Not That You Asked #2

State of the Union

Minimum Wage

The minimum wage in Illinois is $8.25 an hour. After taxes that is $7.67.  A one bedroom apartment in Chicago on average costs about $1,100 (taking into consideration all of the neighborhoods). Now add utilities, groceries and transportation and you’re looking at $1,600.  I won’t include things like credit card payments, car notes or student loans just to “be fair”.  That means someone would have to work over fifty two hours a week in order to make ends meet.  It’s sort of crazy to me that we’re comfortable with the top U.S. CEO’s making between $10,000-$20,000 PER HOUR, but the Senate can’t manage to lift the minimum wage to a measly $10.10. By the way, senators make about $174,000 a year.

Maternity Leave

Maternity-leave-chart-final

 

Does this chart make you sick to your stomach? Because I feel like I want to vomit every time I see it. There really isn’t anything else to say about this. It is worth noting that there are more infant deaths in the United States than sixty eight other countries in the world.

Education

The results of the 2012 Program for International Student Assessment (PISA) ranked the United States: 31st in Math, 24th in Science, and 21st in Reading.  This is embarrassing. If we’re a world power and leader, why do our citizens lag behind third world countries? What is it about our socio-economic structure that prevents children from receiving a good education? How can we claim to be the best at anything when we can’t read, write or do math?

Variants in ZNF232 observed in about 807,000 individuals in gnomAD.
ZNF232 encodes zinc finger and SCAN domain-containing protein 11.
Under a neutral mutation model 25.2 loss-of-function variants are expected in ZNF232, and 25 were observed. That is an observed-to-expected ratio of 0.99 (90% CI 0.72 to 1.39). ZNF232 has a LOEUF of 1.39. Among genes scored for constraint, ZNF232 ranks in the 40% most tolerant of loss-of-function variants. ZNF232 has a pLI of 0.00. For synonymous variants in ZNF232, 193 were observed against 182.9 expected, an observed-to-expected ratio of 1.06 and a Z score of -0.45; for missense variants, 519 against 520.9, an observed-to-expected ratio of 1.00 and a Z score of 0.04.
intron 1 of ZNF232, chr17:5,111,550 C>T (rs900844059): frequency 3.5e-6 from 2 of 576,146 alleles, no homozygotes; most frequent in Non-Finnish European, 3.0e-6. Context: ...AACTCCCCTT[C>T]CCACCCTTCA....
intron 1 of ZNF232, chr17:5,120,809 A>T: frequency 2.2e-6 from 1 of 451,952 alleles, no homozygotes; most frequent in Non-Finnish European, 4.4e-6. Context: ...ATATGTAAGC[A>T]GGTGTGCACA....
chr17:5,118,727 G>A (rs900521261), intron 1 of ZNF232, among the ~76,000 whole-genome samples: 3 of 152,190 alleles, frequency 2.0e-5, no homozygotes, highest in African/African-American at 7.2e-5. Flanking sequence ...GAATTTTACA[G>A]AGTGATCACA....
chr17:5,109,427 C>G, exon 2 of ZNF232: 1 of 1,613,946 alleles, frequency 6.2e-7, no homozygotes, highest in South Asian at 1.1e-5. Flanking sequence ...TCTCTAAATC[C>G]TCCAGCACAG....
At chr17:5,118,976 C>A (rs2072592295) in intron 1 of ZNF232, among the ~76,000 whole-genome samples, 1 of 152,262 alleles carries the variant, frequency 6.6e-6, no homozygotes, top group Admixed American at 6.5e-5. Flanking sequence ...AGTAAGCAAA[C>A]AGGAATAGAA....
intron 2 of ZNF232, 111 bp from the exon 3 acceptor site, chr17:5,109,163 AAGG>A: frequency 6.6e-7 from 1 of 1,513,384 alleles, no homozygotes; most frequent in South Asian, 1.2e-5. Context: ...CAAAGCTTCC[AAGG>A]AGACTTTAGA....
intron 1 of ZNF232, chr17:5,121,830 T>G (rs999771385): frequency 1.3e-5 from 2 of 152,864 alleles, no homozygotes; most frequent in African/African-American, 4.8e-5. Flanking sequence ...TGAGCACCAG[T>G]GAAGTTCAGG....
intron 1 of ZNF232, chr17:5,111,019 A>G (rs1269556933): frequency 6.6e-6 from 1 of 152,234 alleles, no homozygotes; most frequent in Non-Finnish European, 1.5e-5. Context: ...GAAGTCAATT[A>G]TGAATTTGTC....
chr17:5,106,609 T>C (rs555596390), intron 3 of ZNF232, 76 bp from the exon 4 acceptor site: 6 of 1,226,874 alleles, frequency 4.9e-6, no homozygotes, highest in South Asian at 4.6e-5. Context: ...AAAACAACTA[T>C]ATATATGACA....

Student Loans

The average student loan debt is around $30,000. The Federal Reserve Bank states that the total student loan debt of this country is 1.1 TRILLION DOLLARS, more than auto loans and credit card debt.  An average payment for a loan of $30,000 is just over $300 a month. If you go for the extended payment plan (which gives you twenty five years to pay it back), you’ll pay around $200 a month, but when it’s all said and done you’ll have paid over double the amount of the loan. When someone decided it made sense to loan all of this money to students who would enter a work force where jobs are scarce and salaries are fairly stagnant (except for say, tech jobs), why did they think they’d be paid back? Threatening someone who has no money in the first place is useless. Expecting someone to have an extra $300 a month lying around is fairly unrealistic. Even if they did, that’s just the AVERAGE student loan debt. Many of my friends have a far higher balance. But maybe the bigger question is: Why does it cost so much to attend college in the first place? Why are there things called for-profit schools that are actually businesses with shareholders? It turns out we DO place a value on education and it has absolutely nothing to do with learning, accessibility, or affordability.

-Carly

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